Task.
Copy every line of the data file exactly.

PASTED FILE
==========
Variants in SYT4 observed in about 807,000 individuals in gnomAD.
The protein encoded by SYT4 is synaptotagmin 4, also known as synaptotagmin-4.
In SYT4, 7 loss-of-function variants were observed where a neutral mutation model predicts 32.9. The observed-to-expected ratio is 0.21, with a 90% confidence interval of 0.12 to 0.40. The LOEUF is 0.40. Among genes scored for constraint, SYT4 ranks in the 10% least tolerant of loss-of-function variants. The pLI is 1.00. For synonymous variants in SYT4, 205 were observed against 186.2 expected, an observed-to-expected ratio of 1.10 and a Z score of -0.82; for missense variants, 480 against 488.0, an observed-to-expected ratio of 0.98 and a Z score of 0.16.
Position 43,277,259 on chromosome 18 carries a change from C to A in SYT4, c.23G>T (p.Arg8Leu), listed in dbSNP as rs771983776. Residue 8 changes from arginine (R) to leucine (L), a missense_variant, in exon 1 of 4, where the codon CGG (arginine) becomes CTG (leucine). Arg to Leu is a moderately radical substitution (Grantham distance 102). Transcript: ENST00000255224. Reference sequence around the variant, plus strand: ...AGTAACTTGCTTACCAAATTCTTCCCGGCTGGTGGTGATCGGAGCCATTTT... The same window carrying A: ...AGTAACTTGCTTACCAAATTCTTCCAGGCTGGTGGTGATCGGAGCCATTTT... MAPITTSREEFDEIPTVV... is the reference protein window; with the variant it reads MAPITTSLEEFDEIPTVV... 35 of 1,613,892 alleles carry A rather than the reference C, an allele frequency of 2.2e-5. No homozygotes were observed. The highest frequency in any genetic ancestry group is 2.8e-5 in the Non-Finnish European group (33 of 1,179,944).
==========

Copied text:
Variants in SYT4 observed in about 807,000 individuals in gnomAD.
The protein encoded by SYT4 is synaptotagmin 4, also known as synaptotagmin-4.
In SYT4, 7 loss-of-function variants were observed where a neutral mutation model predicts 32.9. The observed-to-expected ratio is 0.21, with a 90% confidence interval of 0.12 to 0.40. The LOEUF is 0.40. Among genes scored for constraint, SYT4 ranks in the 10% least tolerant of loss-of-function variants. The pLI is 1.00. For synonymous variants in SYT4, 205 were observed against 186.2 expected, an observed-to-expected ratio of 1.10 and a Z score of -0.82; for missense variants, 480 against 488.0, an observed-to-expected ratio of 0.98 and a Z score of 0.16.
Position 43,277,259 on chromosome 18 carries a change from C to A in SYT4, c.23G>T (p.Arg8Leu), listed in dbSNP as rs771983776. Residue 8 changes from arginine (R) to leucine (L), a missense_variant, in exon 1 of 4, where the codon CGG (arginine) becomes CTG (leucine). Arg to Leu is a moderately radical substitution (Grantham distance 102). Transcript: ENST00000255224. Reference sequence around the variant, plus strand: ...AGTAACTTGCTTACCAAATTCTTCCCGGCTGGTGGTGATCGGAGCCATTTT... The same window carrying A: ...AGTAACTTGCTTACCAAATTCTTCCAGGCTGGTGGTGATCGGAGCCATTTT... MAPITTSREEFDEIPTVV... is the reference protein window; with the variant it reads MAPITTSLEEFDEIPTVV... 35 of 1,613,892 alleles carry A rather than the reference C, an allele frequency of 2.2e-5. No homozygotes were observed. The highest frequency in any genetic ancestry group is 2.8e-5 in the Non-Finnish European group (33 of 1,179,944).